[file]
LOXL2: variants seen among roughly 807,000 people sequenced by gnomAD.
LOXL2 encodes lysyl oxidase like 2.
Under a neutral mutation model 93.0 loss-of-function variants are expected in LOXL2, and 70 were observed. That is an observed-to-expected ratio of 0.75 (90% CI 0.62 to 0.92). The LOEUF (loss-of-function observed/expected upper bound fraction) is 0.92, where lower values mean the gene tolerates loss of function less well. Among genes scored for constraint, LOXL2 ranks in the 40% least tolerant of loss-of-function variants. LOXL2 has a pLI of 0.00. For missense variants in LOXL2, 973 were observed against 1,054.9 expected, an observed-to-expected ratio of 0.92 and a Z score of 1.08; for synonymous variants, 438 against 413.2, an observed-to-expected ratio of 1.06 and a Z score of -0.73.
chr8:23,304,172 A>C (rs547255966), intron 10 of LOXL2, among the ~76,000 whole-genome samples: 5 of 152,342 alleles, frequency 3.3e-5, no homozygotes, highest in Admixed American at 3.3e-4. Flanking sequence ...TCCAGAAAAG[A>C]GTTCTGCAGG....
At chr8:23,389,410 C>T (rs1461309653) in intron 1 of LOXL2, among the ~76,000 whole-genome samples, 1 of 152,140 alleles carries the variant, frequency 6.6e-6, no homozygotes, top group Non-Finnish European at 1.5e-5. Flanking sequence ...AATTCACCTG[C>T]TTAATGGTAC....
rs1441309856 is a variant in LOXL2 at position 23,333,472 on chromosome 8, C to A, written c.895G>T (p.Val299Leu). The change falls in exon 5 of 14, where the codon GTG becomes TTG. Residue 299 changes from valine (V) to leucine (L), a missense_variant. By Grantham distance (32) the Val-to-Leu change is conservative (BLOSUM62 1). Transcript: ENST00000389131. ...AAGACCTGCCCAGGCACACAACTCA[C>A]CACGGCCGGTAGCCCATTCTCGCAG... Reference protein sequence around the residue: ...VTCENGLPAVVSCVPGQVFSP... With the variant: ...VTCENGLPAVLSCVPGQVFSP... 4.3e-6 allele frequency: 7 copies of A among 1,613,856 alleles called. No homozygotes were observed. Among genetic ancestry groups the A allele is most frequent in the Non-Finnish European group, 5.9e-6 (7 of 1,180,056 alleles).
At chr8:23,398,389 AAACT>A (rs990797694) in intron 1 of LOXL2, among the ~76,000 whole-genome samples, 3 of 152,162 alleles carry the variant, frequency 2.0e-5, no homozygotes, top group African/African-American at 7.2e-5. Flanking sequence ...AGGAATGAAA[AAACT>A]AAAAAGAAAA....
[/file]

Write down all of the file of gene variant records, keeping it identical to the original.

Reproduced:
LOXL2: variants seen among roughly 807,000 people sequenced by gnomAD.
LOXL2 encodes lysyl oxidase like 2.
Under a neutral mutation model 93.0 loss-of-function variants are expected in LOXL2, and 70 were observed. That is an observed-to-expected ratio of 0.75 (90% CI 0.62 to 0.92). The LOEUF (loss-of-function observed/expected upper bound fraction) is 0.92, where lower values mean the gene tolerates loss of function less well. Among genes scored for constraint, LOXL2 ranks in the 40% least tolerant of loss-of-function variants. LOXL2 has a pLI of 0.00. For missense variants in LOXL2, 973 were observed against 1,054.9 expected, an observed-to-expected ratio of 0.92 and a Z score of 1.08; for synonymous variants, 438 against 413.2, an observed-to-expected ratio of 1.06 and a Z score of -0.73.
chr8:23,304,172 A>C (rs547255966), intron 10 of LOXL2, among the ~76,000 whole-genome samples: 5 of 152,342 alleles, frequency 3.3e-5, no homozygotes, highest in Admixed American at 3.3e-4. Flanking sequence ...TCCAGAAAAG[A>C]GTTCTGCAGG....
At chr8:23,389,410 C>T (rs1461309653) in intron 1 of LOXL2, among the ~76,000 whole-genome samples, 1 of 152,140 alleles carries the variant, frequency 6.6e-6, no homozygotes, top group Non-Finnish European at 1.5e-5. Flanking sequence ...AATTCACCTG[C>T]TTAATGGTAC....
rs1441309856 is a variant in LOXL2 at position 23,333,472 on chromosome 8, C to A, written c.895G>T (p.Val299Leu). The change falls in exon 5 of 14, where the codon GTG becomes TTG. Residue 299 changes from valine (V) to leucine (L), a missense_variant. By Grantham distance (32) the Val-to-Leu change is conservative (BLOSUM62 1). Transcript: ENST00000389131. ...AAGACCTGCCCAGGCACACAACTCA[C>A]CACGGCCGGTAGCCCATTCTCGCAG... Reference protein sequence around the residue: ...VTCENGLPAVVSCVPGQVFSP... With the variant: ...VTCENGLPAVLSCVPGQVFSP... 4.3e-6 allele frequency: 7 copies of A among 1,613,856 alleles called. No homozygotes were observed. Among genetic ancestry groups the A allele is most frequent in the Non-Finnish European group, 5.9e-6 (7 of 1,180,056 alleles).
At chr8:23,398,389 AAACT>A (rs990797694) in intron 1 of LOXL2, among the ~76,000 whole-genome samples, 3 of 152,162 alleles carry the variant, frequency 2.0e-5, no homozygotes, top group African/African-American at 7.2e-5. Flanking sequence ...AGGAATGAAA[AAACT>A]AAAAAGAAAA....